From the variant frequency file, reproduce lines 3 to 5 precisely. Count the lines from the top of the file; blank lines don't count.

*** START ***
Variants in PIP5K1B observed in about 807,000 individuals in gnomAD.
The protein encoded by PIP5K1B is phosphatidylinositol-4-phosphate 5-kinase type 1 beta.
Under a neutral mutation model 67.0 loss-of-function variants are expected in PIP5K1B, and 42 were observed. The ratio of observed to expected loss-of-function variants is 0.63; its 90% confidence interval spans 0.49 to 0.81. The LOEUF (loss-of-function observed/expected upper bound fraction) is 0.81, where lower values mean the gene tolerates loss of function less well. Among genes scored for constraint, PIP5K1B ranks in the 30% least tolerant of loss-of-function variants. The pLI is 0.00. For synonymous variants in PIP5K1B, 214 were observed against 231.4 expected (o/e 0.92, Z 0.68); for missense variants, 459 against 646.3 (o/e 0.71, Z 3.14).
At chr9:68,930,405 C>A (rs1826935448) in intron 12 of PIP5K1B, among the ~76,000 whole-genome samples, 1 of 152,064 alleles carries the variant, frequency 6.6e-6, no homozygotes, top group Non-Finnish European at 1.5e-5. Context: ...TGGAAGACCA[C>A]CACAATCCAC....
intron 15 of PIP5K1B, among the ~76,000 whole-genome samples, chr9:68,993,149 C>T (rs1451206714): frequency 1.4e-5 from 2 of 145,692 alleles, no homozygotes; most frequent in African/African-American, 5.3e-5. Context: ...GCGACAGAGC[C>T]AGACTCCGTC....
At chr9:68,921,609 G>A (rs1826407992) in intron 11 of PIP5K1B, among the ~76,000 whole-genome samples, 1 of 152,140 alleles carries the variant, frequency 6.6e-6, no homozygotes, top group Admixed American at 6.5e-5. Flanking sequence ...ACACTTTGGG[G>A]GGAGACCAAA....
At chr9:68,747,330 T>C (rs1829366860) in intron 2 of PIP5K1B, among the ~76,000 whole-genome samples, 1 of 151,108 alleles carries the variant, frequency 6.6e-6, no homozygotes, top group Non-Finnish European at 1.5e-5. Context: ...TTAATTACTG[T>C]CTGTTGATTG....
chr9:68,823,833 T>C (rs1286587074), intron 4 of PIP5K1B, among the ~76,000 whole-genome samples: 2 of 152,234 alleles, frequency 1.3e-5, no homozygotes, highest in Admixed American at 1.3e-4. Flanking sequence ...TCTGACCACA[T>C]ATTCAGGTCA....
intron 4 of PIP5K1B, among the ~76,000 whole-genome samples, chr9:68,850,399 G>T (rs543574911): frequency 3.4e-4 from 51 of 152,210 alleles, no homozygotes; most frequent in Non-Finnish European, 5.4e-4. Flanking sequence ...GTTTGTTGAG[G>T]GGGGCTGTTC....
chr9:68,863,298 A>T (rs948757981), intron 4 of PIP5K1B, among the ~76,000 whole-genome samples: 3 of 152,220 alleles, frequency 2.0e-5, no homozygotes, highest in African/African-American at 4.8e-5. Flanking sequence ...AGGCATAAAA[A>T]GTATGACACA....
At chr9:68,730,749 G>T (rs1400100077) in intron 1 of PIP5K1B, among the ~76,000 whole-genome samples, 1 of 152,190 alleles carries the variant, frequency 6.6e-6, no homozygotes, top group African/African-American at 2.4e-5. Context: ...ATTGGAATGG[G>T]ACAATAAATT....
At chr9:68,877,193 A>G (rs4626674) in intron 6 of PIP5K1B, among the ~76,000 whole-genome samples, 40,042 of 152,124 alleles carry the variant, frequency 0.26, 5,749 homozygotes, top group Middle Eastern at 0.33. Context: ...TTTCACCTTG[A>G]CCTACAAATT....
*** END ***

Under a neutral mutation model 67.0 loss-of-function variants are expected in PIP5K1B, and 42 were observed. The ratio of observed to expected loss-of-function variants is 0.63; its 90% confidence interval spans 0.49 to 0.81. The LOEUF (loss-of-function observed/expected upper bound fraction) is 0.81, where lower values mean the gene tolerates loss of function less well. Among genes scored for constraint, PIP5K1B ranks in the 30% least tolerant of loss-of-function variants. The pLI is 0.00. For synonymous variants in PIP5K1B, 214 were observed against 231.4 expected (o/e 0.92, Z 0.68); for missense variants, 459 against 646.3 (o/e 0.71, Z 3.14).
At chr9:68,930,405 C>A (rs1826935448) in intron 12 of PIP5K1B, among the ~76,000 whole-genome samples, 1 of 152,064 alleles carries the variant, frequency 6.6e-6, no homozygotes, top group Non-Finnish European at 1.5e-5. Context: ...TGGAAGACCA[C>A]CACAATCCAC....
intron 15 of PIP5K1B, among the ~76,000 whole-genome samples, chr9:68,993,149 C>T (rs1451206714): frequency 1.4e-5 from 2 of 145,692 alleles, no homozygotes; most frequent in African/African-American, 5.3e-5. Context: ...GCGACAGAGC[C>T]AGACTCCGTC....